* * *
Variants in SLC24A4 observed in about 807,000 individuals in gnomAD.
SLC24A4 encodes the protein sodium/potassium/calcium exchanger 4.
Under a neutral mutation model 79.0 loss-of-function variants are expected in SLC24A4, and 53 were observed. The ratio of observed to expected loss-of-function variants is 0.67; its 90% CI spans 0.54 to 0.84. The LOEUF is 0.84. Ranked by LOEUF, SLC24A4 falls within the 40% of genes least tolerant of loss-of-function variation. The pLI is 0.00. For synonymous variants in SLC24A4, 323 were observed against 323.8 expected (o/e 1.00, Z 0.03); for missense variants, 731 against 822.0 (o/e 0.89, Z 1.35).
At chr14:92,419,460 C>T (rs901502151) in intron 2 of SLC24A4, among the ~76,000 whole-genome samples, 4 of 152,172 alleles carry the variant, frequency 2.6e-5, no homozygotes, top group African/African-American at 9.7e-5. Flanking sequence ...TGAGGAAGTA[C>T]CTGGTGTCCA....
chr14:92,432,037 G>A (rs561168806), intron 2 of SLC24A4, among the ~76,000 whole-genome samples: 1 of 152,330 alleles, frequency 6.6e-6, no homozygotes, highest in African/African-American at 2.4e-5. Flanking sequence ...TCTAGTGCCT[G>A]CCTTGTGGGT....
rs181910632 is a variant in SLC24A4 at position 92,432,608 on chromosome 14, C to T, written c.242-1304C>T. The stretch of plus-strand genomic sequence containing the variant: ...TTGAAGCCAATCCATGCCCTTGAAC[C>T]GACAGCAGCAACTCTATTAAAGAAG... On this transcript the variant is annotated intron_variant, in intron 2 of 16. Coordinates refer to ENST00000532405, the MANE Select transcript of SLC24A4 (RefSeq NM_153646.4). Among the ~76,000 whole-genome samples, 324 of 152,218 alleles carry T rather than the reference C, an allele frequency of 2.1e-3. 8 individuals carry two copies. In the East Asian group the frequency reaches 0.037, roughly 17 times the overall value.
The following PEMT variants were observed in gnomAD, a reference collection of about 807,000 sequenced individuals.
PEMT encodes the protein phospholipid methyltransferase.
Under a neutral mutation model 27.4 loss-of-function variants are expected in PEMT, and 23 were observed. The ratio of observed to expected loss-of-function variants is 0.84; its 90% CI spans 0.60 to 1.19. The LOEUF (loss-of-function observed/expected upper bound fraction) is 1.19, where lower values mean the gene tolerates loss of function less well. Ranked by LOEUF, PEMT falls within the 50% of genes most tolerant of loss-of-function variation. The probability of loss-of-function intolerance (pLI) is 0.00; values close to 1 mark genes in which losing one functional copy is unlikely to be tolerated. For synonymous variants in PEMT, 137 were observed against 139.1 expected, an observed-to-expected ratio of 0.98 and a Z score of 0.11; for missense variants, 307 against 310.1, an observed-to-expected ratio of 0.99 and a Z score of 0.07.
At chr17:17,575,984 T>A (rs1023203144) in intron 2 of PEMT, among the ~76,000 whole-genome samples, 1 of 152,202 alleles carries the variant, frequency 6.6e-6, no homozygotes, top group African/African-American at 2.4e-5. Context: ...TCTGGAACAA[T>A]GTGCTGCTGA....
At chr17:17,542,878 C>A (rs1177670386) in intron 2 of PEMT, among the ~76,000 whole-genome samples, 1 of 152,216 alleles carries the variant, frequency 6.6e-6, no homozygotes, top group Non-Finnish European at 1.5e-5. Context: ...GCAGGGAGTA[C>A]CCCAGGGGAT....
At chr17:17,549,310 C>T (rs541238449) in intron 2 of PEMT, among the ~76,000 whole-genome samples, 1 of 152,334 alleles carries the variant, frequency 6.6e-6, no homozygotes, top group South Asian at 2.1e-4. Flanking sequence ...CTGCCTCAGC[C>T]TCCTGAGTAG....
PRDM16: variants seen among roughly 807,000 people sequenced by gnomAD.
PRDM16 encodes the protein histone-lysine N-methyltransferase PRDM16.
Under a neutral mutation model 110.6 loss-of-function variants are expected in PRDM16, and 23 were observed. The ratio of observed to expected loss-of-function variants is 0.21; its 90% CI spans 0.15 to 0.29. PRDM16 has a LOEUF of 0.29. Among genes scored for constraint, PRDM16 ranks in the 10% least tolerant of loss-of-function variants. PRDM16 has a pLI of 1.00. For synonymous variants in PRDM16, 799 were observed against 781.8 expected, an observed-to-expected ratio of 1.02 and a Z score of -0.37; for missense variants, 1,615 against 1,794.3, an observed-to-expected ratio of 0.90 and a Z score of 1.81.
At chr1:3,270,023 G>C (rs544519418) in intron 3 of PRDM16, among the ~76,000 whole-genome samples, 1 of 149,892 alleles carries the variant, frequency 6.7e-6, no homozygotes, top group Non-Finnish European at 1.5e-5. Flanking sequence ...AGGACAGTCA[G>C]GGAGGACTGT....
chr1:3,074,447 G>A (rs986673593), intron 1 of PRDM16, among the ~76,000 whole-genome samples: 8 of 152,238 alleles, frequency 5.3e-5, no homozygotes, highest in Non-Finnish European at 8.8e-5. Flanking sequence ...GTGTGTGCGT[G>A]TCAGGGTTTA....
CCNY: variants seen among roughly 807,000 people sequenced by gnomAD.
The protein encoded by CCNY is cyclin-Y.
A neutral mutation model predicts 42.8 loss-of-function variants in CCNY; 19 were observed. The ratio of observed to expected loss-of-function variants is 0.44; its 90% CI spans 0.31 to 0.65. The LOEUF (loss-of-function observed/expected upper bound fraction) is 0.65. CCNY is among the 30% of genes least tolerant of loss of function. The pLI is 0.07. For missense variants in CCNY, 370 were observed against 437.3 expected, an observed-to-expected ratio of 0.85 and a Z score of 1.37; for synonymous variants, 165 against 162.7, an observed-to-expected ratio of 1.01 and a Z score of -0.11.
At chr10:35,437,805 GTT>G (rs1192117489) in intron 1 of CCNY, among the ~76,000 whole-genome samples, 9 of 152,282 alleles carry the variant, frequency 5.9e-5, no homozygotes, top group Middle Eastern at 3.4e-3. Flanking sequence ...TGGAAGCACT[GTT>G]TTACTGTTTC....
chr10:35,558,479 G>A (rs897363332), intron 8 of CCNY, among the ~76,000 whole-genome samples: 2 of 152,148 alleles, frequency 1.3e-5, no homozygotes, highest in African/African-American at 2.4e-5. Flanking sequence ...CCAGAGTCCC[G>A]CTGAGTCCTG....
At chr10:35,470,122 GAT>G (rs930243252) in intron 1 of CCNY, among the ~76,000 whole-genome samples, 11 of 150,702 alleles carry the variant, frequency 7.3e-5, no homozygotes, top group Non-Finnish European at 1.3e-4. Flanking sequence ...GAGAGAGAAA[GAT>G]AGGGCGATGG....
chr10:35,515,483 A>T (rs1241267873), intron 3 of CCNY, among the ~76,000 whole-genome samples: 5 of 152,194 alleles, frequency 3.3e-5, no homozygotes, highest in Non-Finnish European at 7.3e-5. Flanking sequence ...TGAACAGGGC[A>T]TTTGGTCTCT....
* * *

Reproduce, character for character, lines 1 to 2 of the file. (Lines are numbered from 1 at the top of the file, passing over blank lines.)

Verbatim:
Variants in SLC24A4 observed in about 807,000 individuals in gnomAD.
SLC24A4 encodes the protein sodium/potassium/calcium exchanger 4.